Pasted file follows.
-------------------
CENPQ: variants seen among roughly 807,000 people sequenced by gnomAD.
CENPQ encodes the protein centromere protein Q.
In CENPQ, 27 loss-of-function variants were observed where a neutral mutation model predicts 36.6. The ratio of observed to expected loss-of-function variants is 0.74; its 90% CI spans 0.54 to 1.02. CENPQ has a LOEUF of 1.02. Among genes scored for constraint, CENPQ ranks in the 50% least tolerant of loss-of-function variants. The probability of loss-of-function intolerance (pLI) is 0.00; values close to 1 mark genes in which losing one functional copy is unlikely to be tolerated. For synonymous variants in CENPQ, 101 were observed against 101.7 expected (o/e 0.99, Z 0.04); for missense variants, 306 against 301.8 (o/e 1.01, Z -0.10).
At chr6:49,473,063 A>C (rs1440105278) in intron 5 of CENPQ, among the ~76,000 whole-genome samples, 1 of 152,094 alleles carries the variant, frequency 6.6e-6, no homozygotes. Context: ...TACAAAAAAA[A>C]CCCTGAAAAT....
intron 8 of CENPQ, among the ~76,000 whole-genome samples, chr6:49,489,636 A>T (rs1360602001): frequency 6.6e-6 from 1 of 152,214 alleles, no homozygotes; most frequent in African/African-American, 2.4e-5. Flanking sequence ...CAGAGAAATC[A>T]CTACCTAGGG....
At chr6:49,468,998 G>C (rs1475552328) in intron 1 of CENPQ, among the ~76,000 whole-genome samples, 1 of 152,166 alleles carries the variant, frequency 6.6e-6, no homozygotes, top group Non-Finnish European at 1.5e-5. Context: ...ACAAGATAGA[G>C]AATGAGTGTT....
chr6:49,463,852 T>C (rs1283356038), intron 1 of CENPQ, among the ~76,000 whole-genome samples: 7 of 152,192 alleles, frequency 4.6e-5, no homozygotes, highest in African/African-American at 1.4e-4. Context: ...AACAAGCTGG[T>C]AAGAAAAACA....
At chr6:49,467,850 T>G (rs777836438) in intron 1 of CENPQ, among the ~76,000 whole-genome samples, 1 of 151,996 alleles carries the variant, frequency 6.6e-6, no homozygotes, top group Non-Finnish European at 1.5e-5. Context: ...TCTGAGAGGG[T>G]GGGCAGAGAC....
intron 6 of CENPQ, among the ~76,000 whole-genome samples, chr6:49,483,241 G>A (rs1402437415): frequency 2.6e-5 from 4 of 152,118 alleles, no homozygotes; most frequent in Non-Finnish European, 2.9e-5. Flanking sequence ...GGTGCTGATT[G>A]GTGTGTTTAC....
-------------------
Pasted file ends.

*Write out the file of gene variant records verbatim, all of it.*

CENPQ: variants seen among roughly 807,000 people sequenced by gnomAD.
CENPQ encodes the protein centromere protein Q.
In CENPQ, 27 loss-of-function variants were observed where a neutral mutation model predicts 36.6. The ratio of observed to expected loss-of-function variants is 0.74; its 90% CI spans 0.54 to 1.02. CENPQ has a LOEUF of 1.02. Among genes scored for constraint, CENPQ ranks in the 50% least tolerant of loss-of-function variants. The probability of loss-of-function intolerance (pLI) is 0.00; values close to 1 mark genes in which losing one functional copy is unlikely to be tolerated. For synonymous variants in CENPQ, 101 were observed against 101.7 expected (o/e 0.99, Z 0.04); for missense variants, 306 against 301.8 (o/e 1.01, Z -0.10).
At chr6:49,473,063 A>C (rs1440105278) in intron 5 of CENPQ, among the ~76,000 whole-genome samples, 1 of 152,094 alleles carries the variant, frequency 6.6e-6, no homozygotes. Context: ...TACAAAAAAA[A>C]CCCTGAAAAT....
intron 8 of CENPQ, among the ~76,000 whole-genome samples, chr6:49,489,636 A>T (rs1360602001): frequency 6.6e-6 from 1 of 152,214 alleles, no homozygotes; most frequent in African/African-American, 2.4e-5. Flanking sequence ...CAGAGAAATC[A>T]CTACCTAGGG....
At chr6:49,468,998 G>C (rs1475552328) in intron 1 of CENPQ, among the ~76,000 whole-genome samples, 1 of 152,166 alleles carries the variant, frequency 6.6e-6, no homozygotes, top group Non-Finnish European at 1.5e-5. Context: ...ACAAGATAGA[G>C]AATGAGTGTT....
chr6:49,463,852 T>C (rs1283356038), intron 1 of CENPQ, among the ~76,000 whole-genome samples: 7 of 152,192 alleles, frequency 4.6e-5, no homozygotes, highest in African/African-American at 1.4e-4. Context: ...AACAAGCTGG[T>C]AAGAAAAACA....
At chr6:49,467,850 T>G (rs777836438) in intron 1 of CENPQ, among the ~76,000 whole-genome samples, 1 of 151,996 alleles carries the variant, frequency 6.6e-6, no homozygotes, top group Non-Finnish European at 1.5e-5. Context: ...TCTGAGAGGG[T>G]GGGCAGAGAC....
intron 6 of CENPQ, among the ~76,000 whole-genome samples, chr6:49,483,241 G>A (rs1402437415): frequency 2.6e-5 from 4 of 152,118 alleles, no homozygotes; most frequent in Non-Finnish European, 2.9e-5. Flanking sequence ...GGTGCTGATT[G>A]GTGTGTTTAC....